There is no doubt that knee replacements for the right candidate can be a game changer by decreasing pain and allowing return to activity. However, knee replacement surgery for patients with osteoarthritis, as currently used, provides minimal improvements in quality of life and is economically unattractive, according to a study led by Mount Sinai researchers and published in the BMJ. However, if the procedure was only offered to patients with more severe symptoms, its effectiveness would rise, and its use would become economically more attractive as well, the researchers said.
“Given its limited effectiveness in individuals with less severely affected physical function, performance of total knee replacement in these patients seems to be economically unjustifiable,” said Bart Ferket, MD, PhD, Assistant Professor, Department of Population Health Science and Policy at the Icahn School of Medicine at Mount Sinai and lead author on the study. “Considerable cost savings could be made by limiting eligibility to patients with more symptomatic knee osteoarthritis. Our findings emphasize the need for more research comparing total knee replacement with less expensive, more conservative interventions, particularly in patients with less severe symptoms.”
About 12 percent of adults in the United States are affected by osteoarthritis of the knee. The annual rate of total knee replacement has doubled since 2000, mainly due to expanding eligibility to patients with less severe physical symptoms. The number of procedures performed each year now exceeds 640,000 at a total annual cost of about $10.2 billion, yet health benefits are higher in those with more severe symptoms before surgery.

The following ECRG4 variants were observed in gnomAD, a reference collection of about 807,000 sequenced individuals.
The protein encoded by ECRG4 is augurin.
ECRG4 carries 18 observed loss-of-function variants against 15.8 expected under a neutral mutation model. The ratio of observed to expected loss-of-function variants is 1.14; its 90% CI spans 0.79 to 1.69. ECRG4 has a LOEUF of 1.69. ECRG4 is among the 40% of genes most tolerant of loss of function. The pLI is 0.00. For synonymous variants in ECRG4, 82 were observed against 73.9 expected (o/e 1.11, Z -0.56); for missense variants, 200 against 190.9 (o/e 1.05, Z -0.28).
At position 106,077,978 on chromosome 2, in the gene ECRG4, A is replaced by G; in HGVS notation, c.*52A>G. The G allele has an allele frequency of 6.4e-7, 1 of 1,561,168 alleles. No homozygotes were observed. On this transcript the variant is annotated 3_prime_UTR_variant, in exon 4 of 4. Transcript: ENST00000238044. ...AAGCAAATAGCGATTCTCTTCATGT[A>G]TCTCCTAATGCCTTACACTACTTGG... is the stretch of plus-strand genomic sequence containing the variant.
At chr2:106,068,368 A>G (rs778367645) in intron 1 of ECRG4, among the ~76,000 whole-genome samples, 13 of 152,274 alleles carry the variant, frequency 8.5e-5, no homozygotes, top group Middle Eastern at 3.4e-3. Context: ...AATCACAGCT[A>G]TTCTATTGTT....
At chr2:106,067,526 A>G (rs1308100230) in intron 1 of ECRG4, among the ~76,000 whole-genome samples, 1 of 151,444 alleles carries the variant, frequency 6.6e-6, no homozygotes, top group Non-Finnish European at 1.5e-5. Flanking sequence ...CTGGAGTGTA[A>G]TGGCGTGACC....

A team of researchers from the Icahn School of Medicine at Mount Sinai and Erasmus University Medical Center in Rotterdam, the Netherlands, set out to evaluate the impact of total knee replacement on quality of life in people with knee osteoarthritis. They also wanted to estimate differences in lifetime costs and quality adjusted life years or QALYs (a measure of years lived and health during these years) according to level of symptoms.
They found that quality of life outcomes generally improved after knee replacement surgery, although the effect was small. The improvements in quality of life outcomes were found higher when patients with lower physical scores before surgery were operated on.
“Our findings show opportunity for optimizing delivery of total knee replacement in a cost-effective way, finding the patients who will benefit the most, delivering the treatment at the correct point in their disease progression, and optimizing the cost so we can deliver the benefit to all who need it,” said Madhu Mazumdar, PhD, Director of the Institute for Healthcare Delivery Science at the Mount Sinai Health System, Professor of Biostatistics, Department of Population Health Science and Policy at the Icahn School of Medicine at Mount Sinai, and co-author of the study.
The take home message is to make sure the patient is the right candidate for this kind of procedure. Many times if the symptoms are mild, a short course of physical therapy, home exercises, and lifestyle modifications may be more appropriate. If at a later date the replacement becomes warranted then the patient will be more prepared and have an easier recovery from having tried conservative care first.
To find out if you may benefit from physical therapy, call our office at 847-786-2014 today for a consult.